• 2. 2     2     The establishment of Community Share Ownership Schemes by government as a way of promoting economic and social development in communities living near or affected by mining operations, The discussions in government circles on the need to regularize informal or artisanal mining, especially in the gold mining sector where a lot of youths are involved in the Midlands Province, Concerned about; The negative environmental, economic, social and cultural impacts of some mining operations in the Great Dyke and on communities in the area, caused by some companies that are failing to respect the rights of communities and deliberately failing to comply with national laws and policies governing the mining sector and environmental management programmes, The exclusion of mining communities, particularly in the Great Dyke in the decision and policy making processes related to mining, despite the abundance and contribution of the Great Dyke region to the overall national mineral production output, Failure by some of the management structures of Community Share Ownership Schemes (CSOT) to reach out to and inform/educate the ordinary villagers and community members who are the intended beneficiaries of the CSOT’s about their operations, revenue use and distribution arrangements, projects being implemented and the attendant decision making processes, Failure by government to expeditiously reform mining laws and policies, in particular the Mines and Minerals Act, the draft Minerals Policy and the legalization/formalisation of artisanal mining given the fact that many people in the Great Dyke are involved in unlicenced gold mining operations as a source of income generation and are often arrested, harassed or looked down upon as a menace, Failure by government to address the inconsistencies and contradictions between the law, practice and public statements made by some government officials around the implementation of the indigenisation and economic empowerment programme, as this may cloud the whole programme and may hinder progress and investment in the Great Dyke, Failure by some mining companies to make a distinction between Corporate Social Responsibility (CSR) activities of the mining company and projects initiated by CSOTs, including treatment of projects that are only meant to benefit the mining company as part of CSR, Having deliberated for two days on the positive and negative impacts of mining on communities and the environment, in the Great Dyke, call on the government to; Ensure that mining communities benefit from minerals resources in their areas,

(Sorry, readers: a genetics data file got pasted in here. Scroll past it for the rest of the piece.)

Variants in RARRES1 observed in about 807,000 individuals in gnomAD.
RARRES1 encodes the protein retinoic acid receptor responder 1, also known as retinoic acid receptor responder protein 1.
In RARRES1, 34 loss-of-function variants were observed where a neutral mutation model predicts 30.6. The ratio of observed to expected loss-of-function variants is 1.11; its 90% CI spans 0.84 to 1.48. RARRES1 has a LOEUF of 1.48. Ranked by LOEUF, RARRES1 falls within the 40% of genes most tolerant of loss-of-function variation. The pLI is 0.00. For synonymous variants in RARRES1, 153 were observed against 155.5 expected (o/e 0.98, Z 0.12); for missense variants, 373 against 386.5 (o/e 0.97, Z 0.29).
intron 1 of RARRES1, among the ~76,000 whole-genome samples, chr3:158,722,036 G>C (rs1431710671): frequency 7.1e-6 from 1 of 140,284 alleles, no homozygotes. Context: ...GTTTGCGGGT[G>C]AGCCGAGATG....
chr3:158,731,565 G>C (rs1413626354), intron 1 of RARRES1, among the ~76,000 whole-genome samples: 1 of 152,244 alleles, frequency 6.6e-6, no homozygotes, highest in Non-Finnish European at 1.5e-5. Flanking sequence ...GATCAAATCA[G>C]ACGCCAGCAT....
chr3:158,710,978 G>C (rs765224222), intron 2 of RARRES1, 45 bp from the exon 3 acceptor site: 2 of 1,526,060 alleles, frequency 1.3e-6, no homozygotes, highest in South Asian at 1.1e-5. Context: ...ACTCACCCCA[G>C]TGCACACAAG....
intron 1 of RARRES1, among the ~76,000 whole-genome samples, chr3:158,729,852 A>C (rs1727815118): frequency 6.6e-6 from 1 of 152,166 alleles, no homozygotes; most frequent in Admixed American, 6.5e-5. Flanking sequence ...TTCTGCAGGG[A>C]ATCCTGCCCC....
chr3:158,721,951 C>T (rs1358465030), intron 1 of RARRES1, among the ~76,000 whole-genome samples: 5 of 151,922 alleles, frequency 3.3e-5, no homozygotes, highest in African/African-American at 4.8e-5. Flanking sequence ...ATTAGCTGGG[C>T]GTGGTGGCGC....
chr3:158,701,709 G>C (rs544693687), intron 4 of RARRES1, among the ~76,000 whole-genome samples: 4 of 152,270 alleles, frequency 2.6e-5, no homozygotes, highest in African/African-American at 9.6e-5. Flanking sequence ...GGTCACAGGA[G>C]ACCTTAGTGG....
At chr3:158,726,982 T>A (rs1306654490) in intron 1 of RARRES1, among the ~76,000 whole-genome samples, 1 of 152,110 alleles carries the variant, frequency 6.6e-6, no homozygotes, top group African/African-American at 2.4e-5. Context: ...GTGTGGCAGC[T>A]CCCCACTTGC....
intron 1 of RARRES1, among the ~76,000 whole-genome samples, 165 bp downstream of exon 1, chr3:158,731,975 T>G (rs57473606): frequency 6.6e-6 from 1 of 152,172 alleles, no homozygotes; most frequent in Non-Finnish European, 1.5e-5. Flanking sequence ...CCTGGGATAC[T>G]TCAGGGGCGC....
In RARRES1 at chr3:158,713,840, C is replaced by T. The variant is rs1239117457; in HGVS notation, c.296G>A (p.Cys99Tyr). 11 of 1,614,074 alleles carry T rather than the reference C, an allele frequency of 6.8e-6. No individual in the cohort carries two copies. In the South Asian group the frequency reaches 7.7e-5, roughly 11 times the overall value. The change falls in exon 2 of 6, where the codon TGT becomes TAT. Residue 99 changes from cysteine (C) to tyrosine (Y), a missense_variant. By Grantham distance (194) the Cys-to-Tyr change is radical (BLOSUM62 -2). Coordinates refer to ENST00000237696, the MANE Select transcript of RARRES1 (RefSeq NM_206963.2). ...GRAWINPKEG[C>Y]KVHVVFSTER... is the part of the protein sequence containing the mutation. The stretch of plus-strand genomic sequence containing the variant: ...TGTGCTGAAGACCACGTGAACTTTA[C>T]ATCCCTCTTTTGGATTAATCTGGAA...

• 3. 3     3     Involve communities in the selection and appointment of persons who constitute the Board of Trustees of Community Share Ownership Trusts (CSOTs) to ensure meaningful community ownership and participation, Ensure that all mining companies in the Great Dyke that have made commitments to establish and support CSOTs fulfill their promises, Develop clear and actionable sustainability measures and procedures to guide CSOTs in designing investment projects that can ensure that some of the funds received by CSOTs are invested even in community led mining projects or other investment projects to enhance future economic viability of the whole programme, Develop a fair and just quota system on distribution of revenues from CSOT activities to ensure that communities that live closest to the mining area and that are mostly affected by the negative impacts of mining derive a significant portion of the benefits, as compared to those that are not immediately affected, although this must be underpinned by the desire to ensure as far as possible the equitably distribution of national resources, Promote the development of a leadership code in the management of CSOTs to ensure that projects do not only benefit the leaders especially some traditional leaders who have already benefitted from other government programmes (such as boreholes, cars, electricity and other services) while the majority of the people are yet to benefit, Develop clear and actionable sustainability measures and procedures to guide CSOTs in designing investment projects that can ensure that some of the funds received by CSOTs are invested even in community led mining projects or other investment projects to enhance future economic viability of the whole programme, Ensure that Mining Contracts signed by government with mining companies as well as mining licences issued by government in terms of the Mines and Minerals Act contain clear and time bound provisions on revenue transparency and accountability, payment of all taxes, environmental protection, human rights and corporate social responsibility. Swiftly legalise the operations of artisanal/informal miners (“makorokoza”), the majority of whom are operating in the Great Dyke, through a new set of mining laws and develop a system that can enhance the contribution of artisanal/informal miners to community and national socio- economic development and the fiscus, Promote the application and Implementation of the “Use it or lose it” principle in the Great Dyke, especially the gold sector to ensure that other new players especially locals can access gold mining claims especially those that have been laying idle for years,